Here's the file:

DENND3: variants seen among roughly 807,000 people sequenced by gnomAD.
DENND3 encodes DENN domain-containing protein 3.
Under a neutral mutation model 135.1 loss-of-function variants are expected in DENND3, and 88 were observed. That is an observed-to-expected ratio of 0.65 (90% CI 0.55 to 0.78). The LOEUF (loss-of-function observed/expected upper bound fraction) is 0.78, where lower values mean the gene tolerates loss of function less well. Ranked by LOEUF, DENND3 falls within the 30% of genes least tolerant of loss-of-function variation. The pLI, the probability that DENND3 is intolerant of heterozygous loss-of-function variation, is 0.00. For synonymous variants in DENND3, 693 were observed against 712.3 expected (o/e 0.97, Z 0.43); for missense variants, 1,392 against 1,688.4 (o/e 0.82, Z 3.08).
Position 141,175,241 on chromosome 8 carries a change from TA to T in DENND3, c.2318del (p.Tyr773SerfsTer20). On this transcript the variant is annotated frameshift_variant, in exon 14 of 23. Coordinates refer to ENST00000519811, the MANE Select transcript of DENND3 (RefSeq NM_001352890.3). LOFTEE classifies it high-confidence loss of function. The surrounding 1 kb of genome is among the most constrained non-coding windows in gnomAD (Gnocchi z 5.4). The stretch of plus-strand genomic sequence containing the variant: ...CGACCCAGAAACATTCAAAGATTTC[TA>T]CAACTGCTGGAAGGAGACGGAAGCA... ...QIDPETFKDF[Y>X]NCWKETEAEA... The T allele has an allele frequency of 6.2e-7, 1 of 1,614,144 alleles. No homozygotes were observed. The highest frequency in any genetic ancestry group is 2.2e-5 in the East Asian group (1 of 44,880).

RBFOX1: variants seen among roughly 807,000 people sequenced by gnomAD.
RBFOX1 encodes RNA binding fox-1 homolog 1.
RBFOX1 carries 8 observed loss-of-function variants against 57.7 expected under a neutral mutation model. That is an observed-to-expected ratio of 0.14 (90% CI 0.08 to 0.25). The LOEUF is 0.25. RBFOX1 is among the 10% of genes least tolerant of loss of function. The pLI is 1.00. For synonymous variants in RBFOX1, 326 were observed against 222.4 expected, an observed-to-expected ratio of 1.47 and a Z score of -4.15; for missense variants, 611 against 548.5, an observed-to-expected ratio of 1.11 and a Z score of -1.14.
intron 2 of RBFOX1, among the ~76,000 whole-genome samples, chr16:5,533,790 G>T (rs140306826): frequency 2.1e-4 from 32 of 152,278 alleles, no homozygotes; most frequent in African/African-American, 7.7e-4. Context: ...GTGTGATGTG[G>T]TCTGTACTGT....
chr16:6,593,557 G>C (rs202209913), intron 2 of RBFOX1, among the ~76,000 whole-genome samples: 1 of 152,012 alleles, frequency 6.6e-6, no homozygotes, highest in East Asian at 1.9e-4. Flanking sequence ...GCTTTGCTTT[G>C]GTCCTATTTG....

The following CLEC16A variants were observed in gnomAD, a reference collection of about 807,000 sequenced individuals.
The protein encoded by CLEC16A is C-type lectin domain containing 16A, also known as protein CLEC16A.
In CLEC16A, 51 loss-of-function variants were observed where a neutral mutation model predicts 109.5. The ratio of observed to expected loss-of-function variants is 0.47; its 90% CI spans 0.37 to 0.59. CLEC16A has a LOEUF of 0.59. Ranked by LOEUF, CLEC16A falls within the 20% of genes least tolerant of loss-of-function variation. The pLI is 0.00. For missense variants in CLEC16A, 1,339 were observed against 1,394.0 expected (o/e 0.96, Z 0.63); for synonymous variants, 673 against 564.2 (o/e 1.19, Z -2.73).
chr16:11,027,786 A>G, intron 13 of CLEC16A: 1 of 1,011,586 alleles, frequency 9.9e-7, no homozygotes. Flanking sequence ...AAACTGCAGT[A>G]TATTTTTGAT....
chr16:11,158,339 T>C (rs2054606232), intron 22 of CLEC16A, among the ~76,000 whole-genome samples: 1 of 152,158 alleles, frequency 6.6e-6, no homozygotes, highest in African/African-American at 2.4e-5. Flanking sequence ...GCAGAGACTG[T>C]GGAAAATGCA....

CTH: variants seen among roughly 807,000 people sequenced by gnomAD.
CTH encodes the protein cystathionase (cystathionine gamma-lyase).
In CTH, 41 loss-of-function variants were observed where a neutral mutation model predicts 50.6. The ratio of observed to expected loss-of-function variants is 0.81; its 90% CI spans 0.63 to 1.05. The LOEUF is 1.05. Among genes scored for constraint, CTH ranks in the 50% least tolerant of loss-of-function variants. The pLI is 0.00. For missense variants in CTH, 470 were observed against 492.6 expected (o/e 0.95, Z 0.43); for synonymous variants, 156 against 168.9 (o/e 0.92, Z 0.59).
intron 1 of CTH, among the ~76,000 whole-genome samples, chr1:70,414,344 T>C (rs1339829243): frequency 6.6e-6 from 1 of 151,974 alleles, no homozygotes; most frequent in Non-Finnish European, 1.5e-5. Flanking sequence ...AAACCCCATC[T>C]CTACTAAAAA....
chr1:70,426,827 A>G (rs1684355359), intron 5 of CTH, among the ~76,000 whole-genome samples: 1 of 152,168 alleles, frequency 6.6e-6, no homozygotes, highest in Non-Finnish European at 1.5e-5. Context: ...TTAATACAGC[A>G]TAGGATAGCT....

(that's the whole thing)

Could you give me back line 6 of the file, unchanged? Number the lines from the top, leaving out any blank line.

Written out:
RBFOX1 encodes RNA binding fox-1 homolog 1.